Washington Park Association President Set to Kick Off Campaign for Assembly Seat on SaturdayBy Matt Hunger • Sep 11th, 2012 • Category: Blog, News, Politics
Washington Park Association President Peter Basso is set to kick off his campaign for the 33rd legislative district’s assembly seat this Saturday, Sept. 15 at the Trolley Car Bar in Jersey City (328 Palisades Avenue).
The announcement comes less than a year since current 33rd district Assemblyman Sean Connors was voted into office, a decision Basso, a lawyer and civil rights advocate, says was motivated by what he argues he can offer through his professional and volunteer experience.
“Connors is a nice guy, a community guy” said Basso, “but I just think I bring a different set of skills to the table.”
Licensed to practice in New Jersey and New York, Basso has represented employees in worker-rights cases including questions of discrimination and unpaid wages and benefits, as well as for marriage equality for same-sex couples.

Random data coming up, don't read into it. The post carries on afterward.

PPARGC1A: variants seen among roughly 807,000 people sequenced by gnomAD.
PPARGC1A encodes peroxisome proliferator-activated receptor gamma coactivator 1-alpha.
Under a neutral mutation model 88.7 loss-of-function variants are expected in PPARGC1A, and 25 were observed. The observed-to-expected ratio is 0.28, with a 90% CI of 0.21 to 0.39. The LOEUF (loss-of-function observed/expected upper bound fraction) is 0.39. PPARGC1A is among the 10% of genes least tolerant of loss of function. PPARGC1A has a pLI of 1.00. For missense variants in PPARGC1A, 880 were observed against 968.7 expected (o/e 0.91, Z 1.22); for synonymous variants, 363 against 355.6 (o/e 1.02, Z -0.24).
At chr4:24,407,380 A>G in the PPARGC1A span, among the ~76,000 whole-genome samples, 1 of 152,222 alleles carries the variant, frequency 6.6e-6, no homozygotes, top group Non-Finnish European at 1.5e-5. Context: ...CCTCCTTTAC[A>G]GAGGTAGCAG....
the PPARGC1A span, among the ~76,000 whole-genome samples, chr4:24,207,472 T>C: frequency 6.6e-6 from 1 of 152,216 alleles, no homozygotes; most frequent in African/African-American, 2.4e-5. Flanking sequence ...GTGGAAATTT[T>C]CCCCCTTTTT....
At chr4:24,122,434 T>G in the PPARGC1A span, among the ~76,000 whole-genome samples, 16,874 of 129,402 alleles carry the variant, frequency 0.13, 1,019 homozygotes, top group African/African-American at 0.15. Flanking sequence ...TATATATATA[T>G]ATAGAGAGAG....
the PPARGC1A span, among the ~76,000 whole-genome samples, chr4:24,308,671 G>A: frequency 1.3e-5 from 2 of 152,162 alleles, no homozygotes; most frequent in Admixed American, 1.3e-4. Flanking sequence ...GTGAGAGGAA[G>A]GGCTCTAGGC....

“I feel like a movement is going on in Jersey City, where there are a number of candidates running against the current administration,” he said, referring to the mayoral race in which Ward E Councilman Steve Fulop is challenging Mayor Jerramiah Healy. Connors endorsed Healy when he announced the launch of his campaign website, MayorHealy.com. “And people who are going to be running on the local-level for change are going to need like-minded people on the state-level as well.”
“Whether reformers win or the Healy administration is given another go, we’re going to face the same problems in terms of lack of funding. We’re going to need someone at the state-level who will fight for the middle-class and working-class families of Jersey City.”
As the WPA head, Basso has worked for volunteer-based garbage pick-up efforts and sat as a moderator for a Heights-based forum during last November’s At-Large Council election.
Though only a resident of Jersey City for three years, Basso says feedback from the Heights-community has motivated his run for office.
“People are craving better representation,” he said. “The response from the community has been electric.”
How electric? Find out Saturday when he makes his decision official.
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